Chinalco Mining Corp. International, a unit of China’s biggest aluminum producer, halted mining at its Toromocho copper project in Peru because of an alleged environmental breach.
Chinalco Mining’s Peru subsidiary was notified by the South American nation’s environmental agency on March 28 of an alleged non-compliance with environmental laws on certain water discharges, it said in a statement to the Hong Kong stock exchange today. Mining will cease until the matter is resolved. Work at its processing plant and other ancillary operations won’t be affected, the company said.
The Toromocho project started initial production in December 2013 and is scheduled to reach full production in the third quarter of this year, the company said. Copper is the worst performer on the London Metal Exchange this year as demand from top consumer China slows.
“So far, the halt of the mining operation won’t affect the schedule of reaching full capacity,” Yuan Li, spokesman for parent Aluminum Corp. of China, said by phone. He didn’t give an estimate for how long the stoppage will last.
Chinalco Mining jumped 7.5 percent to HK$1.01 in Hong Kong today, rebounding from a decline of as much as 16 percent earlier in the day, its biggest drop since its debut on Jan. 31, 2013.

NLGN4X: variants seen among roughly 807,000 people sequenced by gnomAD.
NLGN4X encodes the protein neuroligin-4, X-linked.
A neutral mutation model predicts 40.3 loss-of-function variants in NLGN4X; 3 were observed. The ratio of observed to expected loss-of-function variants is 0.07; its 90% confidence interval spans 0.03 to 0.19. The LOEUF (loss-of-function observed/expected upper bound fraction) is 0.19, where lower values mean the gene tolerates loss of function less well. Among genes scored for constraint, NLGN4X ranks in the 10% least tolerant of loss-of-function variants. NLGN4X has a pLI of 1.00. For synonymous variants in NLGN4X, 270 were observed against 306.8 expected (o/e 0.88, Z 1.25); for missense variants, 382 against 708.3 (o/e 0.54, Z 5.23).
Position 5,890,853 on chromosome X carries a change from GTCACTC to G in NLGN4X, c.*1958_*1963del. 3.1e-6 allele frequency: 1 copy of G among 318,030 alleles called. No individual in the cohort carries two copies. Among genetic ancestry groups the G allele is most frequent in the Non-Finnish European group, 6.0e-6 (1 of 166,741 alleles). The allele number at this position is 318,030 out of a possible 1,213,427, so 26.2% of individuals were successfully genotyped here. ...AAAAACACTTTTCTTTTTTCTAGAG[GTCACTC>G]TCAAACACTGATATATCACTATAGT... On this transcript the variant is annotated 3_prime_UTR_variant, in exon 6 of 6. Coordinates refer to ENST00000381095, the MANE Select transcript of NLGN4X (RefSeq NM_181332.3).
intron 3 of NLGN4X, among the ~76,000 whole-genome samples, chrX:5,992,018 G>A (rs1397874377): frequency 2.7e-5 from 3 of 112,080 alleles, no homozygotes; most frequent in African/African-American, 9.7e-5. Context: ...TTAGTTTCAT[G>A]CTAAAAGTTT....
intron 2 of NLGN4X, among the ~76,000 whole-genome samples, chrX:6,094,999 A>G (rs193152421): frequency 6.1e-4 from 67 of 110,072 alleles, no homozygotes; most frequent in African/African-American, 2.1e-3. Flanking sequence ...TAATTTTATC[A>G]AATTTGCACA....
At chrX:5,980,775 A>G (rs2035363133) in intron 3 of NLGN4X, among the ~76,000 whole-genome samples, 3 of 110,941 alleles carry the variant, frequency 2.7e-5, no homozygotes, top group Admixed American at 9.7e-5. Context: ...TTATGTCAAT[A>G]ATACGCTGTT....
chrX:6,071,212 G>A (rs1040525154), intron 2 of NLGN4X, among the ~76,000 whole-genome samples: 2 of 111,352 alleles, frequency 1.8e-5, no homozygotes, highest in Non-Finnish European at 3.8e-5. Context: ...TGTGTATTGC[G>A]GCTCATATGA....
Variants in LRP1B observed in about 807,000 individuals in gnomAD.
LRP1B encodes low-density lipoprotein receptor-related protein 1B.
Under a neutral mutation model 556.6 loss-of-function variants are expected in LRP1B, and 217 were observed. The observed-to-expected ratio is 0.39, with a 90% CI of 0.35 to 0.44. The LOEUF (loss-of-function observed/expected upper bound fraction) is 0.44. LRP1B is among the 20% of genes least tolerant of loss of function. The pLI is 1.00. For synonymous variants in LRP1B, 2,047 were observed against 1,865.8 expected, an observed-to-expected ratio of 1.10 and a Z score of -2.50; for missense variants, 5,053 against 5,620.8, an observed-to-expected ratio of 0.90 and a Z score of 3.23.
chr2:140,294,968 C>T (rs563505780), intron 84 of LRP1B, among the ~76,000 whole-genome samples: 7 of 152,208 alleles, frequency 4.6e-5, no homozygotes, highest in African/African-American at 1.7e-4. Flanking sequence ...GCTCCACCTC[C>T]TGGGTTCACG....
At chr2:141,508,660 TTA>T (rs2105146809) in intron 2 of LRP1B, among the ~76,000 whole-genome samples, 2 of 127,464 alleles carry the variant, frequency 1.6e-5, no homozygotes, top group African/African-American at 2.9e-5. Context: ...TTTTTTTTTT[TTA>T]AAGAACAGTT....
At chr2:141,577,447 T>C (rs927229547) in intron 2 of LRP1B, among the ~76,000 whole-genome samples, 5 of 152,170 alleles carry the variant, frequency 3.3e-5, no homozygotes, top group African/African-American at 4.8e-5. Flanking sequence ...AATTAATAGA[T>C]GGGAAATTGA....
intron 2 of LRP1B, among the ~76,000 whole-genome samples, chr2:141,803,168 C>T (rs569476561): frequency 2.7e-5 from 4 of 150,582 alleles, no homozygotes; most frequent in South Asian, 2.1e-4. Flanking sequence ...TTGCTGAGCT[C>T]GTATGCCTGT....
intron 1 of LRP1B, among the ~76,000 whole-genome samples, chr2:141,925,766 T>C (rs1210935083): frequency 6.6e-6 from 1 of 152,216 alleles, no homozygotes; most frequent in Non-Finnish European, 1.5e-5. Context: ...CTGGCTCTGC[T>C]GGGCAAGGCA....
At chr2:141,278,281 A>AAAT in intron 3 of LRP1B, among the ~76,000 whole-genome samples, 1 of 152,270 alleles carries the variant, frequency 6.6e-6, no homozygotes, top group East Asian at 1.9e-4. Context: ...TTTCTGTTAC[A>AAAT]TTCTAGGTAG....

Chinalco’s local unit complied with a March 28 order to stop discharging waste water into two lakes in the Morococha district of central Peru where the mine is located, the Peruvian environmental agency said March 29.
The agency “will continue to monitor compliance with the order with the aim of protecting the environment,” according to a statement on its website.
Copper output from the $2.2 billion mine may reach 120,000 to 150,000 metric tons this year, compared with a previous forecast of 190,498 metric tons, Chinalco Mining said Dec. 11.
Chinalco was the biggest investor in Peru’s mining industry last year after Glencore Xstrata Plc, spending $1.2 billion, according to the country’s Energy and Mines Ministry. Peru is the world’s third-largest copper producer, having mined 1.38 million metric tons in 2013.
Global consumption of the metal will trail production by 81,000 metric tons in 2014, after a supply deficit of 175,000 tons last year, Barclays Plc said on Feb. 12.